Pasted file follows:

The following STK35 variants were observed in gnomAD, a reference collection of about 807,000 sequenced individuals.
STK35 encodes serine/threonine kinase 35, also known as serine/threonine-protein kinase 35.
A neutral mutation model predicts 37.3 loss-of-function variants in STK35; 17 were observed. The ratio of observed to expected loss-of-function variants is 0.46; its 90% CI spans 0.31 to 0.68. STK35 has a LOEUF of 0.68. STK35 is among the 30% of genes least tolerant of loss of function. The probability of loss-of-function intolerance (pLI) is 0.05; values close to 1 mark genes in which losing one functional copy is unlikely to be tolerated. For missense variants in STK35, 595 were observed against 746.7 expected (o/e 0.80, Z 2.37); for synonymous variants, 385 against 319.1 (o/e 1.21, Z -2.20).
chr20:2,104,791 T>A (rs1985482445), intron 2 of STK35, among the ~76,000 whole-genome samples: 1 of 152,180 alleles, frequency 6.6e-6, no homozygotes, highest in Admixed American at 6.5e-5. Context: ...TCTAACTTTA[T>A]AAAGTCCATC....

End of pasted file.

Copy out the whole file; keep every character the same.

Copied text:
The following STK35 variants were observed in gnomAD, a reference collection of about 807,000 sequenced individuals.
STK35 encodes serine/threonine kinase 35, also known as serine/threonine-protein kinase 35.
A neutral mutation model predicts 37.3 loss-of-function variants in STK35; 17 were observed. The ratio of observed to expected loss-of-function variants is 0.46; its 90% CI spans 0.31 to 0.68. STK35 has a LOEUF of 0.68. STK35 is among the 30% of genes least tolerant of loss of function. The probability of loss-of-function intolerance (pLI) is 0.05; values close to 1 mark genes in which losing one functional copy is unlikely to be tolerated. For missense variants in STK35, 595 were observed against 746.7 expected (o/e 0.80, Z 2.37); for synonymous variants, 385 against 319.1 (o/e 1.21, Z -2.20).
chr20:2,104,791 T>A (rs1985482445), intron 2 of STK35, among the ~76,000 whole-genome samples: 1 of 152,180 alleles, frequency 6.6e-6, no homozygotes, highest in Admixed American at 6.5e-5. Context: ...TCTAACTTTA[T>A]AAAGTCCATC....